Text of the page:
Sunday, 8 March 2015

Tonka Bean Beer II - Tonka Bean Stout

I am admittedly irresponsible. In the middle of the crunchiest of crunch times for the semester with midterms looming over me I decide it's a good time to plan to brew every week. I have the Spanish Cedar IIPA aging on 2.5 oz of cubed wood, but after 2 weeks of aging I'm still not getting any flavors from the wood. That beer is an experiment though, so I'll let it age up to 6 weeks before really deciding how to proceed with the next spanish cedar beer.

I've already done one other tonka bean beer, but it was also coupled with a bunch of spice additions and I overdid the cinnamon in that recipe which made it tiresome to drink. I still had my jar of tonka beans about 3/4 full after that batch and I wasn't using it for anything else so I decided to do another beer with tonka beans. This recipe uses my base oatmeal stout recipe which I call "Gato muy negro". As seen in the picture above, I took 15 tonka beans and crushed them well with the mortar and pestle before transferring them to a jar with some whiskey to pull the flavors out of the beans.

Tonka beans are an interesting ingredient, and they're illegal in the US. Up in Canada it's legal to have them and buy them, so I'll be taking advantage of that for unique brewing ingredients! The reason that they're illegal is that they contain coumarin, which apparently has some toxic effects to your liver in high doses (like beer!). Tonka beans have been used as flavoring for tobaccos and fake vanilla extracts, and the amount of tonka bean that you would have to ingest for it to be toxic would be exorbitant, so I'm not too shy to play with them.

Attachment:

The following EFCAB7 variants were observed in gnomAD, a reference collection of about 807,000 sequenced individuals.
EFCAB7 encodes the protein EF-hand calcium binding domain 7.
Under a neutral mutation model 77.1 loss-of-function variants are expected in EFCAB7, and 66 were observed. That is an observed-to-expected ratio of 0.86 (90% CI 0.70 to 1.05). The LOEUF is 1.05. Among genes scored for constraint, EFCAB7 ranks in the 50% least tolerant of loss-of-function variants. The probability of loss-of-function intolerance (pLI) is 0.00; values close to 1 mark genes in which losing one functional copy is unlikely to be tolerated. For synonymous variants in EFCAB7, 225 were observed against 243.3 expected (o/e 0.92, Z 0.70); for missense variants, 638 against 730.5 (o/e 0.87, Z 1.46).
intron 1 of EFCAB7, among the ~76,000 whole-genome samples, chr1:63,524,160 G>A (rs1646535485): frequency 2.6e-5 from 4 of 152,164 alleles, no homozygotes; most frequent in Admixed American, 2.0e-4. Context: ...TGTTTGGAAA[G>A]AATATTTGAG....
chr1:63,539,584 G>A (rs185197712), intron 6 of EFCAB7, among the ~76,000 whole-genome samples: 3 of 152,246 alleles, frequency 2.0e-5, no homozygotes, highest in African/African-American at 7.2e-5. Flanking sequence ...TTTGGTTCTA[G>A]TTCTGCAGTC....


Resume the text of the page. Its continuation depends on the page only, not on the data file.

In terms of flavor, tonka beans have a bunch of different descriptions. To me, I smell cinnamon sticks soaked in almond extract, and maybe some vanilla.. They're unique, and it's hard to describe the flavors. Trying to describe a new flavor is like trying to tell someone what bananas taste like.. I figure that these flavors would lend themselves well to a stout or a porter, and the strong roastiness should be forgiving if I tend to be heavy handed in my spice additions. I'm hoping that the thick mouthfeel from the oats and some residual sweetness go well with the tonka beans, but that they don't get in the way of being a quaffable stout to have around.

Tonka Bean Stout
OG: 1.052
26 IBUs
Mashed at 154*F

7# 2-row
1# Flaked Oats
0.75# Chocolate Malt
0.5# Roasted Barley
0.5 # Crystal 40L
0.25# Amber Malt

2 oz Fuggles - 60 mins

Fermented with Wyeast Scottish Ale @ 58*F

15 tonka beans crushed, made into tincture and beans + liquid were added after 5 days fermentation.

Water Profile:
Ca: 50 ppm
Mg: 13 ppm
Na: 22 ppm
SO4: 45 ppm
Cl: 35 ppm
HCO3: 157 ppm

I added a bit of NaCl and Calcium carbonate to my water, I'm hoping that the salt gives a richness to the malt and accentuates the maltiness a bit, and the carbonate should help with the mash pH and give the beer more mineral presence.

Update: Mar. 12: Primary fermentation seems finished, but I noticed that the temp probe fell off of the side of the carboy and was measuring the ambient temperature (I should invest in a thermowell).
I added the Tonka bean tincture today, and it smells almost exactly like cinnamon rolls!

Bottled! Tasting notes here

1 comment:

  1. Hey mate,so how did the brew go? Was it enough tonka beans? Too much?


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